Women engaged in shellfishing can be agents of climate change resilience and mitigation in a win-win approach that still provides them improved food and nutrition security as well as economic livelihood.
A toolkit developed by researchers drawn from the Centre for Coastal Management, University of Cape Coast, Ghana , Coastal Resources Center, University of Rhode Island (USA,) TRY Oyster Women’s Association, the University of Ghana, and World Agroforestry, (CIFOR-ICRAF), details how women shellfishers in coastal West African countries can effectively lead sustainable natural resource management when they are given appropriate support to develop and implement rights-based co-management approaches.
The toolkit is involved two case studies in two countries with results that show that it can potentially be applied in 11 countries in the Africa.
The experts argue that with an appropriate governance approach that puts resource users at the center of management decision-making, positive steps can be taken using the locally available expertise to improve economic activities without hurting biodiversity
The toolkit is designed for use by diverse groups of local, national, and regional-level stakeholders to inspire action and support continued innovation, development, application, documentation, and scaling of improved approaches and practices. Crucially, this knowledge resource promotes an integrated approach not only for women-led shellfish management but also, mangrove management, food and income provisioning in the proximate land-seascapes.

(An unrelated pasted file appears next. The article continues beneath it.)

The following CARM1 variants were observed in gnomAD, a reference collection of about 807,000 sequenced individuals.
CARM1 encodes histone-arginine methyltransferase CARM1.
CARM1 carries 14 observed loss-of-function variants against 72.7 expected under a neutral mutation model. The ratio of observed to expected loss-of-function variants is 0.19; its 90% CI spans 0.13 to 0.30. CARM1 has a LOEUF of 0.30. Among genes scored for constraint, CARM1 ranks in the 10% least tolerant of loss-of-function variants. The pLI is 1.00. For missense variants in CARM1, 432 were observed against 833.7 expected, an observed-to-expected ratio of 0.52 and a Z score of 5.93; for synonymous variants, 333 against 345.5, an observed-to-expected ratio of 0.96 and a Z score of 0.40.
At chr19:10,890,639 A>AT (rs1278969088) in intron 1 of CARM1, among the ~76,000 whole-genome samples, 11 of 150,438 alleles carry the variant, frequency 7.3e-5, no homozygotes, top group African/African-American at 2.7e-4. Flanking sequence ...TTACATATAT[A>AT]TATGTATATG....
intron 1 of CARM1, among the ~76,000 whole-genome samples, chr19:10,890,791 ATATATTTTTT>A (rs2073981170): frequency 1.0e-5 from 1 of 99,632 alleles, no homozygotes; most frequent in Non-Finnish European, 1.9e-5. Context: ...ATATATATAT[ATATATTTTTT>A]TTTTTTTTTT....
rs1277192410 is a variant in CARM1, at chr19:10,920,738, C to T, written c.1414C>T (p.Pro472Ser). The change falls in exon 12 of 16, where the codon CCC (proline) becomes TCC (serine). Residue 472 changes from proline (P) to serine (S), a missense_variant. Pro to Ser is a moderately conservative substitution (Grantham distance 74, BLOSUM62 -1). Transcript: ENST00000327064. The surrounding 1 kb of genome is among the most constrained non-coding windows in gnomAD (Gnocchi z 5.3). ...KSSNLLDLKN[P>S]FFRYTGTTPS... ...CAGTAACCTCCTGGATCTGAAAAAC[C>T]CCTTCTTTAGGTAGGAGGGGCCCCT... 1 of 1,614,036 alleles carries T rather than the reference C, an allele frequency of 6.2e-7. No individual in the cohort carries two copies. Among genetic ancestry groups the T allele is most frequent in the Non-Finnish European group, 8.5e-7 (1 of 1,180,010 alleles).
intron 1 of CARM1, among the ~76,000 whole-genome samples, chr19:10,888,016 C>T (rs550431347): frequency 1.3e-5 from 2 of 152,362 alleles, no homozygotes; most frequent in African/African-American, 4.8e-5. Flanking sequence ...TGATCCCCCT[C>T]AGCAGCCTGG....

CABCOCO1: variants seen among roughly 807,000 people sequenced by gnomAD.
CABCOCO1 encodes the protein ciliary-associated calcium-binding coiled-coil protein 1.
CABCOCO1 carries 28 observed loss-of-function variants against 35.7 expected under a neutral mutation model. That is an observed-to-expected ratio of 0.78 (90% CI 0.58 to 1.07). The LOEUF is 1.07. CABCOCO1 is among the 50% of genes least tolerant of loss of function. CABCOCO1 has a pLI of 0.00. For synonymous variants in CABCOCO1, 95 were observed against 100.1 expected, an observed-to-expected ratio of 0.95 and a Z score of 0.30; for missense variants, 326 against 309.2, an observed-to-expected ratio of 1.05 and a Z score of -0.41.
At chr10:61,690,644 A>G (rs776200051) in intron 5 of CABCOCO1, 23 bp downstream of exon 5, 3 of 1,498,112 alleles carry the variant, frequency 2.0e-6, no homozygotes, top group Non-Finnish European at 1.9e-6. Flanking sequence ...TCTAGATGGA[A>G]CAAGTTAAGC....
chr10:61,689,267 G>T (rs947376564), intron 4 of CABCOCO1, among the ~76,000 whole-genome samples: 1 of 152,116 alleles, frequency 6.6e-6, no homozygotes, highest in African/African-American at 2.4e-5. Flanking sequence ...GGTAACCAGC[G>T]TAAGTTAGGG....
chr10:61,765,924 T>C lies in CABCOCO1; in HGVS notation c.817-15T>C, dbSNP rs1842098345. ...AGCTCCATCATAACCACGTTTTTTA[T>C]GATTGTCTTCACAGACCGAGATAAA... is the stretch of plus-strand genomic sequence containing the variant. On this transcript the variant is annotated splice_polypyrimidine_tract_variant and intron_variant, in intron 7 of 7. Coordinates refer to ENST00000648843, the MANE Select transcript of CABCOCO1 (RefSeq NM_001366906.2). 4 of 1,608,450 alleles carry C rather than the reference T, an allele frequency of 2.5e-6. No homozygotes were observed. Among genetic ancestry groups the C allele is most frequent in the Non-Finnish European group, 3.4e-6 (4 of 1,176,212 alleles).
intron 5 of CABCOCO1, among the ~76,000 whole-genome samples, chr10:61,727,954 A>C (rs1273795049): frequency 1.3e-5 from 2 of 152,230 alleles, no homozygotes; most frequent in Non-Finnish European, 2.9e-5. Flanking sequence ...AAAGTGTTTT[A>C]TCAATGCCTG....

The women from Senegal, The Gambia, Guinea-Bissau, Guinea, Sierra Leone, Liberia, Côte d’Ivoire, Ghana, Togo, Benin, and Nigeria who are practicing shellfish harvesting and trade in groups and individually account for approximately 79 percent of shellfish harvesters.
The toolkit developed from the Women Shellfishers and Food Security Project highlights a model focused on women shellfish harvesters that supplies opportunities to contribute to biodiversity conservation, food security and nutrition.
“The model aligns with efforts to enhance people’s food resiliency through nature-based climate change adaptation and mitigation approaches. It integrates findings from a participatory regional assessment, site-based research in The Gambia and Ghana, and experience in rights-based co-management of shellfish in West Africa,” the researchers noted about the toolkit.
The authors believe that it is possible to formulate locally driven and locally based livelihoods that enhance rather than degrade natural resources management, benefit women, and engage them in decision making when such a toolkit is used.
The goal is to catalyze and inspire sustainable use of local skillsets and knowledge to drive economic growth and preserve the environment across the region and beyond. Principles on co-management, participatory and stakeholder-driven approaches, as well as a rights-based approach are highlighted as pathways for successful implementation.
It also recommends having gender sensitive people in authority as well as using ecosystems-based and adaptive management since additional information and knowledge are gained through implementation.
Find the toolkit here …